How we read Scripture depends on how we view Scripture–we read Tom Clancy through a different lens than a scientific textbook, and different still from our favorite news sites. Whenever we read, the perspective we take depends on the source and the content of what we are reading.
So, what lens allows Scripture to come into the clearest focus? Because both the source and content of Scripture are unique, Christians believe Scripture is in a category by itself. We read Scripture, both the Old and New Testaments, with the anticipation that the Lord would speak straight to our hearts, and that we would see Jesus glorified through it. But before we pick up our bible, answering these three questions will shape our perspective as to what it means to read the living Word of God.
How do we approach Scripture?
So the first question that I want us to look at is, how do we approach scripture? I think the answer is probably one of those that’s so simple, sometimes we forget it.
The answer is: with absolute humility.
This is the living word of God, and that means we need to be ready to receive. That means we need to be ready to open our hearts and our minds to what the Lord is actively doing in his Word, and that we need to be ready to be shaped by that Word, as opposed to trying to put our spin on things, to put our own emphasis over it. We need to recognize that our limited perspective flows through the cross from beginning to end of Scripture. Scripture is speaking from beginning to end, Genesis to Revelation, one overarching story, and that’s the redemption narrative of God.
What is the story of Scripture?
Now, the question is, what exactly is that story? I want to propose to you that that story is the story of God for the glory of God.
“To you it was shown, that you might know that the Lord is God; there is no other besides him…know therefore today, and lay it to your heart, that the Lord is God in heaven above and on the earth beneath; there is no other.”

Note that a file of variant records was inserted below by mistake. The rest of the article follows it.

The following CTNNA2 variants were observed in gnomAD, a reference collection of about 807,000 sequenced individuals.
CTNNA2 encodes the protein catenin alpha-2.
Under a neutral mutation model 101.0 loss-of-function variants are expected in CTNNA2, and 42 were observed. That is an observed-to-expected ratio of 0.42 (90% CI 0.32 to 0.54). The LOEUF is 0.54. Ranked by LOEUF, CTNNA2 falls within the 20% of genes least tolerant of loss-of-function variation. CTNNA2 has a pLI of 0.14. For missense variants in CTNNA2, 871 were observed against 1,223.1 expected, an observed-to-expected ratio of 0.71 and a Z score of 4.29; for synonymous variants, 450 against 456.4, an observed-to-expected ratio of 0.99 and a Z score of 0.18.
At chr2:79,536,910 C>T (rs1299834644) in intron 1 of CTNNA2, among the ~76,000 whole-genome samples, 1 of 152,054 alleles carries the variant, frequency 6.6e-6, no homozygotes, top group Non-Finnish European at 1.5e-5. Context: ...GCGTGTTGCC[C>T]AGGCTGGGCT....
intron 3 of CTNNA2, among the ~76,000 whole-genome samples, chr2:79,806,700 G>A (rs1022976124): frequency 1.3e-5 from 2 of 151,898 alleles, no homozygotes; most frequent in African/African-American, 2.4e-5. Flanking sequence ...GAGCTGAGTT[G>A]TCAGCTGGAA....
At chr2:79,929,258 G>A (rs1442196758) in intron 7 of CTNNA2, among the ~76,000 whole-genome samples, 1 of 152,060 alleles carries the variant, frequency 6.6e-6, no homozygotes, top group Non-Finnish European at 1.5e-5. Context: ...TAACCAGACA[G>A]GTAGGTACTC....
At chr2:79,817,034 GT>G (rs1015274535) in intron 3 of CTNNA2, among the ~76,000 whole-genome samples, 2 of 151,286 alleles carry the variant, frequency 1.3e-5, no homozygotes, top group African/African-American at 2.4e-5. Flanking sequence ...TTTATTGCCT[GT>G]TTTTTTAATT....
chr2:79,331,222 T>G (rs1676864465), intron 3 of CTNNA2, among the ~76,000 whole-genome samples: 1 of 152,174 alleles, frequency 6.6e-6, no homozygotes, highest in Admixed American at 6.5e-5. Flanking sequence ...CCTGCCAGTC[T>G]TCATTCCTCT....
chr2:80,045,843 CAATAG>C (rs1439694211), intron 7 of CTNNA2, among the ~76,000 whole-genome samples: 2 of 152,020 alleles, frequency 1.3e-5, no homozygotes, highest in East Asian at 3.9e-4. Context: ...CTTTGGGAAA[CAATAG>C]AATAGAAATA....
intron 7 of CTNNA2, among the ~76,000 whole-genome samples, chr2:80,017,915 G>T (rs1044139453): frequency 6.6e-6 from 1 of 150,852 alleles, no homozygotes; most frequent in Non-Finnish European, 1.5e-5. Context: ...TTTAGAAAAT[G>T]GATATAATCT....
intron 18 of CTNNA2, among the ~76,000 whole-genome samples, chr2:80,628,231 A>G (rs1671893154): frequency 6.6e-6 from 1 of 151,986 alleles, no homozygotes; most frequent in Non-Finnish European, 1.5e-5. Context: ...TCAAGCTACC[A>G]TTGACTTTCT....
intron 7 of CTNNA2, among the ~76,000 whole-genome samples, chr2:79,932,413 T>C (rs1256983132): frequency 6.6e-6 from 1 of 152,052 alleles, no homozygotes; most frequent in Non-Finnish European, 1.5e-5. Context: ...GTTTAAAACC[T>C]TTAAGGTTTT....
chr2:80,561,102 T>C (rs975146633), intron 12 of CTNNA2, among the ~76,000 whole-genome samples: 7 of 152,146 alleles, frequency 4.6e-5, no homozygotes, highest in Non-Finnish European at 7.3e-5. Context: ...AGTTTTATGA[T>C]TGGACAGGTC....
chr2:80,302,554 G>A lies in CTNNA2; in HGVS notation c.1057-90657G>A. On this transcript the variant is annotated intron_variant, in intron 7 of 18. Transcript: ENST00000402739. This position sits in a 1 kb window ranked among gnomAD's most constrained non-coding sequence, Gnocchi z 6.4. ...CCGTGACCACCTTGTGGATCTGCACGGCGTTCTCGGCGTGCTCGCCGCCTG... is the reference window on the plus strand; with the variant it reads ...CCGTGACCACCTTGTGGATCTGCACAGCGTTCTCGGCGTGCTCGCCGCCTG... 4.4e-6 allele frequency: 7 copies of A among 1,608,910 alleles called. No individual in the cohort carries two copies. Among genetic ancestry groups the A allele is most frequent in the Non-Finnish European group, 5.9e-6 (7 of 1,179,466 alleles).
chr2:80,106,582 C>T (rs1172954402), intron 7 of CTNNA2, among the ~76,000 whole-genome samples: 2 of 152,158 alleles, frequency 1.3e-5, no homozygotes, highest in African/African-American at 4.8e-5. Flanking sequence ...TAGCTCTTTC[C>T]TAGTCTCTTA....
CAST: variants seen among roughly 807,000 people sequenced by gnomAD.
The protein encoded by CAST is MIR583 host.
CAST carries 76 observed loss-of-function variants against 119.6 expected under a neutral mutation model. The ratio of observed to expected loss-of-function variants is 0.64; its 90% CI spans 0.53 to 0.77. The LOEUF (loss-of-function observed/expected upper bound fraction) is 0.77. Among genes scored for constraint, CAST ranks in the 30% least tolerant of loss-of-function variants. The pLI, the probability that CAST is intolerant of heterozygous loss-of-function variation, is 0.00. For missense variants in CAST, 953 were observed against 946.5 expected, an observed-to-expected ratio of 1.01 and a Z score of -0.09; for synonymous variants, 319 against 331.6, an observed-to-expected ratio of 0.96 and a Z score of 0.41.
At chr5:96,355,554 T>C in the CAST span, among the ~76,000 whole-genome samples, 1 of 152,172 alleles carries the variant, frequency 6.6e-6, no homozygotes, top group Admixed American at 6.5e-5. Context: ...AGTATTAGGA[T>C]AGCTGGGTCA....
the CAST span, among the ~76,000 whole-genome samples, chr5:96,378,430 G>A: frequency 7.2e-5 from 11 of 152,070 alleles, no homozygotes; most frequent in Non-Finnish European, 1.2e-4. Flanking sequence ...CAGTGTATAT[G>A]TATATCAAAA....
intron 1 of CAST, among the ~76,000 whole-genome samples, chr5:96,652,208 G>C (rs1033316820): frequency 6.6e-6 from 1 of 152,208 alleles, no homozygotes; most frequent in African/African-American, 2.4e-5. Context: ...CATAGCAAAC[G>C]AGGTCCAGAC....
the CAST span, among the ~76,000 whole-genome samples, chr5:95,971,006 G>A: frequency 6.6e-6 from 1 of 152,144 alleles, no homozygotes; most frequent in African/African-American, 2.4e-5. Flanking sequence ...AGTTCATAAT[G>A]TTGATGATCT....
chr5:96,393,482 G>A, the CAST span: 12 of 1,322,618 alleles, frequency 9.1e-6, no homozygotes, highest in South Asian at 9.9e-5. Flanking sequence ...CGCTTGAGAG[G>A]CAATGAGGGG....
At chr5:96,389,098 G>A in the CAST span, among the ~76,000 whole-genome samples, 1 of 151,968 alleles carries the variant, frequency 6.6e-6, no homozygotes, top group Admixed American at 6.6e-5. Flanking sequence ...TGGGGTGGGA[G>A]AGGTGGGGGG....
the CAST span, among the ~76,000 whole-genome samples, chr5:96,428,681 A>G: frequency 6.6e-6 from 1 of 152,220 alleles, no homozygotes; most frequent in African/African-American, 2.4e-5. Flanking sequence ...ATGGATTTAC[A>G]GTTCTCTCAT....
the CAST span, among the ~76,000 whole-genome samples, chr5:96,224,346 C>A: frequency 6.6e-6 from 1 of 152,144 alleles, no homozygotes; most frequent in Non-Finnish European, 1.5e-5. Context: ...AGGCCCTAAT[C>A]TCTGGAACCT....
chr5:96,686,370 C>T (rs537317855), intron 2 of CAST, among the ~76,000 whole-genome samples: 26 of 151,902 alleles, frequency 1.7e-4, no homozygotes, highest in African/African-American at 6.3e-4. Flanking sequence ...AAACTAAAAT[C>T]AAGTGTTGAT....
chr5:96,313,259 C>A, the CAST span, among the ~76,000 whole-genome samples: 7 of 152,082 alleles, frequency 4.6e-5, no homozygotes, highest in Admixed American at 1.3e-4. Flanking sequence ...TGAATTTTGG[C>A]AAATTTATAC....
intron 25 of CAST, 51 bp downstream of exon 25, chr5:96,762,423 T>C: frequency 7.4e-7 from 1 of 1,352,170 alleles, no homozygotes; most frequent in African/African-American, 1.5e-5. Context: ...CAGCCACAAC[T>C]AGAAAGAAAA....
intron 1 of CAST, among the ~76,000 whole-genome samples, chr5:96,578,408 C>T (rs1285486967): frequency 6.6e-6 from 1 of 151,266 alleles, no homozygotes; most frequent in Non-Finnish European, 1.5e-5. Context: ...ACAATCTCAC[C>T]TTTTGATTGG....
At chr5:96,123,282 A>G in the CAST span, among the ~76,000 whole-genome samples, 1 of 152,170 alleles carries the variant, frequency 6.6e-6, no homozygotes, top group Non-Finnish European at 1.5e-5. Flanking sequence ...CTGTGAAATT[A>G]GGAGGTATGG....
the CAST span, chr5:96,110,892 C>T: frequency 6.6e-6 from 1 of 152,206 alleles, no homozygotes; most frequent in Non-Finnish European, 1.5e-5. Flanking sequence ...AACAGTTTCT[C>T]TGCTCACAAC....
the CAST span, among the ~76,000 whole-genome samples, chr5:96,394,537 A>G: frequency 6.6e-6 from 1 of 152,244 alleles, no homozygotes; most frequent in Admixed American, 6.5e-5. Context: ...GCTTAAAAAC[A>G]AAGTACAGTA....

Now, a lot happens in Scripture: people, nations, kingdoms, destruction, birth, rebirth, redemption–all sorts of things are happening. But we cannot forget that above all else, when we approach Scripture, we are reading the very story of God that he himself is writing. This is God’s story.
The second part of this is that it is a story for God’s glory.
“Now the Lord is the Spirit, and where the Spirit of the Lord is, there is freedom. And we all, with unveiled face, beholding the glory of the Lord,are being transformed into the same image from one degree of glory to another. For this comes from the Lord who is the Spirit.”
2 Corinthians 3:17-18
This is the whole idea. This is what God is all about, that his glory might be magnified, and magnified and magnified, and we get wrapped up into that story. We actually get so wrapped up into it that our very identity is formed by this story of God for the glory of God.
But we need to make sure we understand the difference between purpose and result. The purpose is that God might be known. God has chosen to reveal Himself to us that his glory might be magnified. The result is that we are defined; our very identities and everything that we know is shaped. So that’s how we approach scripture.
Why does it matter?
Now, you might be asking, what’s the point? The point is that our approach to Scripture shapes our perspective of Scripture. We have a couple of different ways that we can treat the Bible. We can stand on top of it and make our point saying, “Scripture says this,” or “Scripture says that.” But that is not a very humble approach to what the Lord has done, or what he is actively doing. This is the very Word of God, and we should tread carefully.
Instead, I recommend that we lift that word up so that we live underneath it, and that we call others to see what it says and to live underneath it themselves.
This applies both to the Old and the New Testaments. We are a two testament people. The New Testament has all the fun stuff that we like to read about: Jesus, the miracles, the disciples, the Gentiles coming into the fold. All of that is really fun. But unless we know what happened in the Old Testament, then that is a lesser picture–a full picture still, but yet a less full picture than if we were to know and to understand what was happening in the Old Testament. So we are a two testament people, and we are under authority.
The Christian perspective on reading Scripture is this: we do so humbly, recognizing that the source is God himself, making himself known for the sake of his glory, telling one overarching redemption narrative that leads through the life, death, and resurrection of Jesus. Scripture is the very foundation of all that can be known, including ourselves, and the result of reading Scripture is that our very identity is shaped by its content.